Monday, December 31, 2012


My Year in Summary

Kevin in New York
I read 42 books, 365 short stories, 16 plays and 59 movies at a theater. No doubt the short story reading cut at least 5 books off of my usual tally. I actually read more than 365 stories because I didn't finish some of the lousy ones. I doubt I will read a story a day this year because the actual picking out a story every day was time consuming. The movie watching is clearly an expensive hobby for me. But I see at least half of them for $5 at a matinee.Why am I guilty for not reading more books and guilty for seeing too many movies? Goal next year to read at least one book a week. Thirty years ago, I read three books a week.

What about you?I know you all did better than this.

Say Something Good About Detroit: Michigan Science Center

The Detroit Science Center, which went belly-up a year or so ago, has now been replaced with the hopefully more financially solvent, Michigan Science Center. Same location but perhaps better exhibits and more money backing it. The DSC was woefully dark and dreary and too much like your mother's science center.

Its success remains to be seen since the funding is less than what the DSC enjoyed and the staff is less than half of the former's. Wait and see, I guess. But I admire the people who keep trying. 

Sunday, December 30, 2012

Sunday Night Poetry: Carol Ann Duffy

Ventriloquism and Other Scary Pastimes.

This was an odd little documentary about ventriloquist, Nina Conti, who takes the bereaved puppets of her now dead mentor (Ken Campbell) to a convention in Kentucky. Venthaven is the resting place for old puppets and getting me inside such a place would be akin to getting me into a coffin while still alive.

Dummies, as we used to call them, have always been one of my horrors and it probably comes from a Twilight Zone episode where the puppet controlled his master.

Do puppets freak you out? How about animals dressed like humans? Okay, what does?

Saturday, December 29, 2012

Saturday Night Music: The Walkmen

Crime fiction v. Mysteries

I would really like to return to calling crime fiction mysteries. It saves typing or saying two words. And also the general public often thinks I am talking about true crime when I say crime fiction despite the word fiction.

And truthfully doesn't all crime fiction have a mystery in it. It may not be a puzzle to solve.But there is always a mystery as to why someone did it, how will they be caught, where they are, what led to the crime, etc.

Mysteries carries the whole genre with it--it embraces different stories. Crime fiction seems to want to cut off what came earlier.

What do you think?

Friday, December 28, 2012

Friday Night Music: She and Him

The Summing Up, Friday, December 28, 2012

 My review of STARLET is up at Crimespree Cinema.

The Summing Up, Friday, December 28, 2012

Patti Abbott, We Have Always Lived in the Castle, Shirley Jackson
Sergio Angelini, 1954, Donald Hamilton
Joe Barone ,WRACK AND RUNE by Charlotte MacLeod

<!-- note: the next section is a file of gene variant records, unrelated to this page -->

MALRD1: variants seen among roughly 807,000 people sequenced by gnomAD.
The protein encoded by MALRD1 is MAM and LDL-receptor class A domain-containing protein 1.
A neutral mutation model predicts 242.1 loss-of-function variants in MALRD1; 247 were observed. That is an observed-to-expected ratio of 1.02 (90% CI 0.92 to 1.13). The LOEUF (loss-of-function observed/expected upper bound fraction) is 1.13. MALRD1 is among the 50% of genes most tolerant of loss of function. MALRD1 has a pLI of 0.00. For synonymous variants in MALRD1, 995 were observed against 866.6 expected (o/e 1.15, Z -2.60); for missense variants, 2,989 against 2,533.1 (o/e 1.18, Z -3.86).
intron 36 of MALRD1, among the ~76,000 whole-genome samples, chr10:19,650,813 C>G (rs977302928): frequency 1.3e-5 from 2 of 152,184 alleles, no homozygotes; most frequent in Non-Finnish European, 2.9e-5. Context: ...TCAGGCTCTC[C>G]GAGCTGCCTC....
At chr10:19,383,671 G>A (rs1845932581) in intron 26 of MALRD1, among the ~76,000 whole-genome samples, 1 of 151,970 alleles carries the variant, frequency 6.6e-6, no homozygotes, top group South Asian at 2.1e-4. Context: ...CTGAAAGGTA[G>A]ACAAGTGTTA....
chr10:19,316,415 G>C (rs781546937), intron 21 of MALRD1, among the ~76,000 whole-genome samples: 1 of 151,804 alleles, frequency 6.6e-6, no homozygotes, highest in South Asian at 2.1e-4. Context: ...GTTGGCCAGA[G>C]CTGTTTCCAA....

Les Blatt,Too Many Clients, Rex Stout
Bill Crider, Passage by Night, Hugh Marlowe
Scott Cupp, Roads, Seabury Quinn 
Martin Edwards, Who Saw Her Die, Patricia Moyes 
Elizabeth Foxwell, Crime Hound, Mary Semple Scott    
 Jerry House, Shadows in the Sun, Chad Oliver
Randy Johnson,Getting in the Wind, Harlan Ellison
George Kelley,Desperate Days, Selected Mysteries, Vol 2. Jack Vance
Margot Kinberg, Karin Alvtegen’s Betrayal
Rob Kitchin, Crime at Christmas.CHB Kitchin
B.V. Lawson,Under the Snow, Kerstin Ekman
Evan Lewis,The Crooking Finger, Cleve F. Adams
Steve Lewis,Blye Moon, Peter Duchin and John Morgan Wilson
Todd Mason,Monad, edited by Damon Knight
J.F. Norris,Sunday Pigeon Murders, Craig Rice
Neer,The Jungle, Upton Sinclair
James Reasoner,Private Club, Orrie Hitt
Richard Robinson, The Coroner's Lunch, Colin Cotterill
Ron Scheer,Nevada, Zane Gray
Michael Slind, Clandestine, James Ellroy
Kevin Tipple/Barry Ergang, The Murder's Book, Tage la Cour and Harald Mogensen
Prashant Trikannad ,Atlantic Scramble, Don Pendleton and Gar Wilson
Zybahn, Blood and Water and other Tales, Patrick McGrath

Friday's Forgotten Books: Friday, December 28, 2012

WE HAVE ALWAYS LIVED IN THE CASTLE. -This is an amazing novel on my second reading, decades after my first. Its characters are few, they are pretty much nailed to one spot, and not much action takes places. Its high quality depends on Jackson's ability to create characters that speak and act like real people despite being essentially ghosts. You can easily see the mind that created both THE LOTTERY and THE HAUNTING OF HILL HOUSE in this novel. It was her last novel, written in 1962, three years after HILL HOUSE.

The Blackwood family lost four of its members six years earlier. Since then Mary Katherine, a teenager, her older sister Charlotte and the elderly and ill Uncle Julian haven't strayed farther than the country store. Uncle Julian lives completely in the past, reliving a specific day in time. Charlotte spends her time cooking, canning and hiding. And Mary Katherine (Merricat) dreams and devises spells to protect them. The townspeople thinkCharlotte got away with murder and Merricat's trips into town incite their rage and amusement at the Blackwood's fate. When Cousin Charles comes to stay with them, he sets events into motion that send the family even farther into isolation. He is a villain you can really hate.

The writing in this novel is sublime. Jackson creates a world that is both seductive and frightening. I read this as a teenager but I think it takes an adult to appreciate what strong characters Jackson created.
Jackson died at age 48. What a loss. I can only imagine the novels she might have written if she had lived longer.

Todd Mason will collect the links next Friday. 

Sergio Angelini 
Joe Barone ,
Les Blatt,
Bill Crider,
Scott Cupp,
Martin Edwards,
Elizabeth Foxwell
Jerry House
Randy Johnson,
George Kelley,
Margot Kinberg, 
Rob Kitchin
B.V. Lawson,
Evan Lewis,